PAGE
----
Squabbling in Congress over how to pay for transportation could mean no federal cash in the near future to fix Chicago's freight train bottleneck, a top official warned, the Daily Herald reports. At a forum on freight rail, representatives from the U.S. and Canadian governments and the business community emphasized that trains are cheaper and more fuel-efficient than trucks to move goods. Transport Canada official Kristine Burr said the public and private sectors were investing $2 billion in freight rail projects there.
"We wanted to make
sure the transportation system is as effective and productive as
possible," Burr said during the event, held at the Union League Club of
Chicago and organized by the Metropolitan Planning Council.
In contrast, U.S. Rep.
Tom Petri, a member of the influential House Transportation Committee, said
federal funding for projects such as CREATE, a program to modernize the
congested rail system in Chicago with improvements like grade separations,
won’t happen anytime soon.
The current surface
transportation act expires Sept. 30. A new $500-billion proposal to be spent
over six years is under discussion but the White House and Senate are pushing a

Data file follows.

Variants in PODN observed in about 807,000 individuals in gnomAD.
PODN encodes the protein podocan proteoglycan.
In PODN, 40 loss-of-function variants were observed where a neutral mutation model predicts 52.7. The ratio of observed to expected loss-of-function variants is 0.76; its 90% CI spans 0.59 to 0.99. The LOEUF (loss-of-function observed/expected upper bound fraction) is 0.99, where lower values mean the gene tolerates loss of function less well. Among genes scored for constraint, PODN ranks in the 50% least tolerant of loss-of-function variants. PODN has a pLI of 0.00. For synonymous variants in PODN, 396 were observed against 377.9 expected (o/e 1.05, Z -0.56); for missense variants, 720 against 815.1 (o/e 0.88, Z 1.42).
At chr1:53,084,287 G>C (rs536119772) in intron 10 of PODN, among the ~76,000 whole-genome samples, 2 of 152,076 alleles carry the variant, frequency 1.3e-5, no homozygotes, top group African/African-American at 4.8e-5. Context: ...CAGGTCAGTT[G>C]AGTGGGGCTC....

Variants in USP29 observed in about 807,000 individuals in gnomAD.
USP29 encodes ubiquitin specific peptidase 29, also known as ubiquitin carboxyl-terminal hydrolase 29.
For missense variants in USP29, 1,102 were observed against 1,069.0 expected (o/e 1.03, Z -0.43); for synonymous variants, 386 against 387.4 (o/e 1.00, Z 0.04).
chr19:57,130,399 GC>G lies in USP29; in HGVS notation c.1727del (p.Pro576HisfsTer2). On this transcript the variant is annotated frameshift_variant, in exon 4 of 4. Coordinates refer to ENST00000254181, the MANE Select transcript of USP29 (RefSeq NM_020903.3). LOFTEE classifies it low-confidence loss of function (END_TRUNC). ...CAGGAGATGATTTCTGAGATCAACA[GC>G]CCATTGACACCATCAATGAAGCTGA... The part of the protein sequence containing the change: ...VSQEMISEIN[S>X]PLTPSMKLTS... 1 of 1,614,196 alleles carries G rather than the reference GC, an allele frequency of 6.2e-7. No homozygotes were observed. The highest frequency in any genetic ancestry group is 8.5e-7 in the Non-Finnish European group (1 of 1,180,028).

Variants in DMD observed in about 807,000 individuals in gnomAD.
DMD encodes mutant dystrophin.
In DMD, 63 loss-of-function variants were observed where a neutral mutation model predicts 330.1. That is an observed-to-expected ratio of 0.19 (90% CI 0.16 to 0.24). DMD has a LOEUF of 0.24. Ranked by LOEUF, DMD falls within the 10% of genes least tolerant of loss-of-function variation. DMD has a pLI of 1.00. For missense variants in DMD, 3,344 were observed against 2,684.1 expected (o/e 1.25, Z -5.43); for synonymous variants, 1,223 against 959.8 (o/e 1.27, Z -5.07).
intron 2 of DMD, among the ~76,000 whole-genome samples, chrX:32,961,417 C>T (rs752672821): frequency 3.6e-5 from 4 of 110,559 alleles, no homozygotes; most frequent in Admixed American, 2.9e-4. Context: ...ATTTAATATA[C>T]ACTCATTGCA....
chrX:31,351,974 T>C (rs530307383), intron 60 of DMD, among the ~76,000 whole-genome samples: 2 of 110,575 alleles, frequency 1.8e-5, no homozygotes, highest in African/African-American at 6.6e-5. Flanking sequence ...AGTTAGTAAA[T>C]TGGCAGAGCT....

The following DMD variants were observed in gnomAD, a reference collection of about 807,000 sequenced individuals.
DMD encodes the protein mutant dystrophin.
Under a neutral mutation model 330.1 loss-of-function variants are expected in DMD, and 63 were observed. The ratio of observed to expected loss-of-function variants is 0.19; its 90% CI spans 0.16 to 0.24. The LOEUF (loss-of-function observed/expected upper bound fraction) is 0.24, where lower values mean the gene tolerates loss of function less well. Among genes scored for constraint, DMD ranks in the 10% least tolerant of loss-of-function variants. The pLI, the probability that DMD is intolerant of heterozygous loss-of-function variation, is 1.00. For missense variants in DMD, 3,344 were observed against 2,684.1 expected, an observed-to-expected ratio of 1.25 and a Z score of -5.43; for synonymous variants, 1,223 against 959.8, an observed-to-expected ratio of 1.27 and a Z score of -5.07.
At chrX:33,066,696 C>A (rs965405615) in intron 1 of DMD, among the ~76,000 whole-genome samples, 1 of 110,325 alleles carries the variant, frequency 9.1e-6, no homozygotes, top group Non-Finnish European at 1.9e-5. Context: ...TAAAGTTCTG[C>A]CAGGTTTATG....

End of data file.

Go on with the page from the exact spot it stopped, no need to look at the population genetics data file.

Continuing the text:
smaller 18-month version. The problem is, "there’s no consensus on how to
fund it," said Petri, a Wisconsin Republican.
The issue hit home for
Aurora Mayor Tom Weisner and Barrington Mayor Karen Darch, who attended the
forum. Both communities opposed the merger of the Canadian National Railroad
and the smaller EJ&E railway that runs from Waukegan to Gary, Ind. The government
approved the merger and agreed with CN’s contention it would ease freight
problems in Chicago.
Towns along the EJ&E
fought the plan, saying it would increase traffic, delay emergency responders
and cause environmental problems.
The mayors said there was
a disconnect between the government approving the merger but holding back money
to pay for improvements.
"There needs to be
more planning," Darch said. "If you approve a deal making freights
flow faster, there’s got to be planning for the impact on communities."
Petri, however, said
"we need to see progress made in moving goods through the Chicago area.
CREATE is part of that but it’s slow in coming. CN has stepped up to bat to try
and close the gap."
Ron Pillsbury, a vice
president with McCain Foods Ltd. who spoke at the event, said train delays are
costly for everyone.
"It adds costs
getting from Point A to Point B," Pillsbury said. "Ultimately the
consumer pays for it."
CREATE has received about
$220 million in public and private dollars and the state recently committed
$320 million, but the entire project could cost up to $3 billion.
The forum was co-sponsored
by the Canadian Consulate General of Chicago.